Like with any procedure, some people regret SMP. But doing your research and making an informed decision can help you avoid scalp micropigmentation regrets.

Here are the basics of what to look for:

  • Experience matters. Going to an inexperienced technician can result in unnatural-looking pigmentation and increase your risk for disease or infection. Thorough research of a technician’s past work can help you get a sense of their performance and skill level.

  • Consult with your technician before committing to the procedure. Make sure you’re going with the correct pigment choice and hairline design. A skilled technician will be comfortable talking through your options. 

  • Have realistic expectations. Pigment alone can’t completely solve hair loss issues. Look up photos of SMP results to get a sense of what to expect. 

SMP can help make thinning hair look fuller, but it can’t completely fill in bald patches or a receding hairline. Consider pairing SMP with proven hair loss treatments like finasteride and minoxidil that can promote a healthy hair growth cycle.

3 Sources

  1. Rassman, W. R., Pak, J. P., Kim, J., & Estrin, N. F. (2015). Scalp Micropigmentation: A Concealer for Hair and Scalp Deformities. The Journal of Clinical and Aesthetic Dermatology, 8(3), 35-42. Retrieved from https://www.ncbi.nlm.nih.gov/pmc/articles/PMC4382144/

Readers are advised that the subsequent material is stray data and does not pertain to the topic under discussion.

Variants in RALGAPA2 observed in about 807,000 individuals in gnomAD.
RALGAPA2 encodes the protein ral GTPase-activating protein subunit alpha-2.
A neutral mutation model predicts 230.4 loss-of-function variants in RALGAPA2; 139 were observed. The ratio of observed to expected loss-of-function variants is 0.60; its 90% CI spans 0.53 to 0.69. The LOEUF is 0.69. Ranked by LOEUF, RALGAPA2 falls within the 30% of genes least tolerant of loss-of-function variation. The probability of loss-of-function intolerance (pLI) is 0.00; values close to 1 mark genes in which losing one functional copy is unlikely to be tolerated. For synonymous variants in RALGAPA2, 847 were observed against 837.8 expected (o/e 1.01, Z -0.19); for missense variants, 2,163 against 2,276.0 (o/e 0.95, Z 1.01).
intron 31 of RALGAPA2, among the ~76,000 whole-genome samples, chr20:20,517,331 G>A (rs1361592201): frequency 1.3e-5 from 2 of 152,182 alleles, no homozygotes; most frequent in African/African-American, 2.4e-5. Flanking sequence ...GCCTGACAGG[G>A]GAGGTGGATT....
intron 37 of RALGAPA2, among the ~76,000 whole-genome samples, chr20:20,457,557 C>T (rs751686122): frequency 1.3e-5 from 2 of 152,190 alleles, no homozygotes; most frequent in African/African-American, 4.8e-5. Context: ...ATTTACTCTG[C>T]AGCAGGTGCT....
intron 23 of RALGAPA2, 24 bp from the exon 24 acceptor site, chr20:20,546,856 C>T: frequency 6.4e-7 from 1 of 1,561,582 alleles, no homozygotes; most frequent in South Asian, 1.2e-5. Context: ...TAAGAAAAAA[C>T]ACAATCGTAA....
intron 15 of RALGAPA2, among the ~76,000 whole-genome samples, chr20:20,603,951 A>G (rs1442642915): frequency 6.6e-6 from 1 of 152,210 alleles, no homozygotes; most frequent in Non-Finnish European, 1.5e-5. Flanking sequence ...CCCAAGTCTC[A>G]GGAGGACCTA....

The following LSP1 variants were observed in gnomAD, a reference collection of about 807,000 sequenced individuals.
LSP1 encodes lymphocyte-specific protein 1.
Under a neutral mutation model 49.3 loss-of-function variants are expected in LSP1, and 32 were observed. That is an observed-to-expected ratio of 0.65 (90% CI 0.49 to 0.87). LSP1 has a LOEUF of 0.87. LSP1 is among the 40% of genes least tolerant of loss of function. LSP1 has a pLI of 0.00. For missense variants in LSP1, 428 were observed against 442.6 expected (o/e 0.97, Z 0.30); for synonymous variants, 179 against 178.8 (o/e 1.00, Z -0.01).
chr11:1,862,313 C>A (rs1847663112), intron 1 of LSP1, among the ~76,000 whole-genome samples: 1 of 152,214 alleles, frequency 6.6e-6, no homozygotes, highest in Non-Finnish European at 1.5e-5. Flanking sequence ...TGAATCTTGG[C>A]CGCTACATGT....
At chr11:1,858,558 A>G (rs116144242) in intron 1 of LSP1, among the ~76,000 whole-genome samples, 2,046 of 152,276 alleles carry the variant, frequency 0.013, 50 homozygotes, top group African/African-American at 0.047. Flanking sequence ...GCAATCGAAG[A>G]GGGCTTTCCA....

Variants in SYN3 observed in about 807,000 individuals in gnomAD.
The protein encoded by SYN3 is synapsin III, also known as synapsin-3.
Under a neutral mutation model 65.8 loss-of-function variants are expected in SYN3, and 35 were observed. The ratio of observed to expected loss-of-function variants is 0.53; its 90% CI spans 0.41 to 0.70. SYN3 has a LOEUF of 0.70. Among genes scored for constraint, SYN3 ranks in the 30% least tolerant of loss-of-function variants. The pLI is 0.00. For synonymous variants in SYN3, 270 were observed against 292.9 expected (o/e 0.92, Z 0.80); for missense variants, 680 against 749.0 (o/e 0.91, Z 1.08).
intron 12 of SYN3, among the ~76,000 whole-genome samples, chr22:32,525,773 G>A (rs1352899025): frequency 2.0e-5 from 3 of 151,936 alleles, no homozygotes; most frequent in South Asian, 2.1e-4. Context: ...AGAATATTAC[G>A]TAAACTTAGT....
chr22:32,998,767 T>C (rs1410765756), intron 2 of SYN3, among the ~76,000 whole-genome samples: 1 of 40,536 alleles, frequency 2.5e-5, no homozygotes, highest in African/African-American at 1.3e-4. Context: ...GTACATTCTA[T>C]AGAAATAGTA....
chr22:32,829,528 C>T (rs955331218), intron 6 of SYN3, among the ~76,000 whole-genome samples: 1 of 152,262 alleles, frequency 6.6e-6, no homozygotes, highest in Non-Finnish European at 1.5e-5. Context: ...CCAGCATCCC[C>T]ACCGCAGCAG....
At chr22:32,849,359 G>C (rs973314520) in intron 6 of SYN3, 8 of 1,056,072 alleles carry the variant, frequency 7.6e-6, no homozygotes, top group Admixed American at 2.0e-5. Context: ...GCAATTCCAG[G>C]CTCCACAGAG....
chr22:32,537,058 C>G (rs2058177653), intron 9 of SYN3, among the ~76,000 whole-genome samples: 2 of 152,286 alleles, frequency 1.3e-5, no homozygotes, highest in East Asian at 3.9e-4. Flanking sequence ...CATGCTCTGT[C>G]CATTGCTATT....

2. Dhurat, R. S., Shanshanwal, J. S., & Dandale, A. L. (2017). Standardization of SMP Procedure and Its Impact On Outcome. Journal of Cutaneous and Aesthetic Surgery, 10(3), 145-149. Retrieved from https://www.ncbi.nlm.nih.gov/pmc/articles/PMC5782438/
  3. Scalp Micropigmentation (SMP): Semantics, Terminology, and Standards - ISHRS. (2019, July 31). International Society of Hair Restoration Surgery. Retrieved from https://ishrs.org/2019/07/31/scalp-micropigmentation/
Editorial Standards

Hims & Hers has strict sourcing guidelines to ensure our content is accurate and current. We rely on peer-reviewed studies, academic research institutions, and medical associations. We strive to use primary sources and refrain from using tertiary references. See a mistake? Let us know at [email protected]!

This article is for informational purposes only and does not constitute medical advice. The information contained herein is not a substitute for and should never be relied upon for professional medical advice. Always talk to your doctor about the risks and benefits of any treatment. Learn more about our editorial standards here.

Knox Beasley, MD

Dr. Knox Beasley is a board certified dermatologist specializing in hair loss. He completed his undergraduate studies at the United States Military Academy at West Point, NY, and subsequently attended medical school at Tulane University School of Medicine in New Orleans, LA. 

Dr. Beasley first began doing telemedicine during his dermatology residency in 2013 with the military, helping to diagnose dermatologic conditions in soldiers all over the world. 

Dr. Beasley is board certified by the American Board of Dermatology, and is a Fellow of the American Academy of Dermatology.

Originally from Nashville, TN, Dr. Beasley currently lives in North Carolina and enjoys spending time outdoors (with sunscreen of course) with his wife and two children in his spare time.